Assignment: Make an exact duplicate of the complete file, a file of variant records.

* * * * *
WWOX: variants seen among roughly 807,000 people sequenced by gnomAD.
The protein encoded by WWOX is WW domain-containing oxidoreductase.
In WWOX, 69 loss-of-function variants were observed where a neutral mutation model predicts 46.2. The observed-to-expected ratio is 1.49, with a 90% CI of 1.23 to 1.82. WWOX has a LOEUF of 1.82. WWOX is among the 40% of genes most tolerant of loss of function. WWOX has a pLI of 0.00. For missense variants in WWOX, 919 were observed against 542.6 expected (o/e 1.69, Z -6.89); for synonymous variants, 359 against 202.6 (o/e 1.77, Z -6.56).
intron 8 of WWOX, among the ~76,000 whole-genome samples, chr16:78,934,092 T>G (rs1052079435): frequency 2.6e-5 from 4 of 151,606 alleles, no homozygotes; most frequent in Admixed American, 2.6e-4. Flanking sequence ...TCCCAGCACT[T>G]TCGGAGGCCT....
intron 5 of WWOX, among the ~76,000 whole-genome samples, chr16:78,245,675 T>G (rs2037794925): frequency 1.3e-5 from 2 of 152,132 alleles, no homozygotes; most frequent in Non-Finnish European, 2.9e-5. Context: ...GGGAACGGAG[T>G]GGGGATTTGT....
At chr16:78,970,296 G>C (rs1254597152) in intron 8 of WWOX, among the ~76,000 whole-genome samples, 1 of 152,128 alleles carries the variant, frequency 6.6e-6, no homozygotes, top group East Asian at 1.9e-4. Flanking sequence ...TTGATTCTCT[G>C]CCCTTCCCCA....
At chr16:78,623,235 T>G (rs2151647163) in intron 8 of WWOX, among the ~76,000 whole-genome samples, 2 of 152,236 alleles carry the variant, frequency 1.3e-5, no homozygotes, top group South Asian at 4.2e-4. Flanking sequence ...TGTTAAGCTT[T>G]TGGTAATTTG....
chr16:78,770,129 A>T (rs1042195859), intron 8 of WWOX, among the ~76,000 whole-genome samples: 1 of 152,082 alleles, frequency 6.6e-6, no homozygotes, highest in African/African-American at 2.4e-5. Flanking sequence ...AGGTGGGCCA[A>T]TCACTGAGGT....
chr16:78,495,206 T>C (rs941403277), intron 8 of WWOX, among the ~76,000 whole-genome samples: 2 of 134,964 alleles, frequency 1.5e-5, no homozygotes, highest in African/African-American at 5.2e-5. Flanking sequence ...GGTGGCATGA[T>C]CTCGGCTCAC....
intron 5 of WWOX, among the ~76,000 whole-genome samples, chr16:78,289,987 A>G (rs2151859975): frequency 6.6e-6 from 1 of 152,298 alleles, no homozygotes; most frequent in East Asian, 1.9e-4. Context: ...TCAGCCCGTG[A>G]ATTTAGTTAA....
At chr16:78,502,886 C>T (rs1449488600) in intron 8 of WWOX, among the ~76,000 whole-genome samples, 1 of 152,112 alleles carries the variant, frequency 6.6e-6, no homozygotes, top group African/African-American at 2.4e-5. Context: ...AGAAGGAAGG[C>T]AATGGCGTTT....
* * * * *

WWOX: variants seen among roughly 807,000 people sequenced by gnomAD.
The protein encoded by WWOX is WW domain-containing oxidoreductase.
In WWOX, 69 loss-of-function variants were observed where a neutral mutation model predicts 46.2. The observed-to-expected ratio is 1.49, with a 90% CI of 1.23 to 1.82. WWOX has a LOEUF of 1.82. WWOX is among the 40% of genes most tolerant of loss of function. WWOX has a pLI of 0.00. For missense variants in WWOX, 919 were observed against 542.6 expected (o/e 1.69, Z -6.89); for synonymous variants, 359 against 202.6 (o/e 1.77, Z -6.56).
intron 8 of WWOX, among the ~76,000 whole-genome samples, chr16:78,934,092 T>G (rs1052079435): frequency 2.6e-5 from 4 of 151,606 alleles, no homozygotes; most frequent in Admixed American, 2.6e-4. Flanking sequence ...TCCCAGCACT[T>G]TCGGAGGCCT....
intron 5 of WWOX, among the ~76,000 whole-genome samples, chr16:78,245,675 T>G (rs2037794925): frequency 1.3e-5 from 2 of 152,132 alleles, no homozygotes; most frequent in Non-Finnish European, 2.9e-5. Context: ...GGGAACGGAG[T>G]GGGGATTTGT....
At chr16:78,970,296 G>C (rs1254597152) in intron 8 of WWOX, among the ~76,000 whole-genome samples, 1 of 152,128 alleles carries the variant, frequency 6.6e-6, no homozygotes, top group East Asian at 1.9e-4. Flanking sequence ...TTGATTCTCT[G>C]CCCTTCCCCA....
At chr16:78,623,235 T>G (rs2151647163) in intron 8 of WWOX, among the ~76,000 whole-genome samples, 2 of 152,236 alleles carry the variant, frequency 1.3e-5, no homozygotes, top group South Asian at 4.2e-4. Flanking sequence ...TGTTAAGCTT[T>G]TGGTAATTTG....
chr16:78,770,129 A>T (rs1042195859), intron 8 of WWOX, among the ~76,000 whole-genome samples: 1 of 152,082 alleles, frequency 6.6e-6, no homozygotes, highest in African/African-American at 2.4e-5. Flanking sequence ...AGGTGGGCCA[A>T]TCACTGAGGT....
chr16:78,495,206 T>C (rs941403277), intron 8 of WWOX, among the ~76,000 whole-genome samples: 2 of 134,964 alleles, frequency 1.5e-5, no homozygotes, highest in African/African-American at 5.2e-5. Flanking sequence ...GGTGGCATGA[T>C]CTCGGCTCAC....
intron 5 of WWOX, among the ~76,000 whole-genome samples, chr16:78,289,987 A>G (rs2151859975): frequency 6.6e-6 from 1 of 152,298 alleles, no homozygotes; most frequent in East Asian, 1.9e-4. Context: ...TCAGCCCGTG[A>G]ATTTAGTTAA....
At chr16:78,502,886 C>T (rs1449488600) in intron 8 of WWOX, among the ~76,000 whole-genome samples, 1 of 152,112 alleles carries the variant, frequency 6.6e-6, no homozygotes, top group African/African-American at 2.4e-5. Context: ...AGAAGGAAGG[C>T]AATGGCGTTT....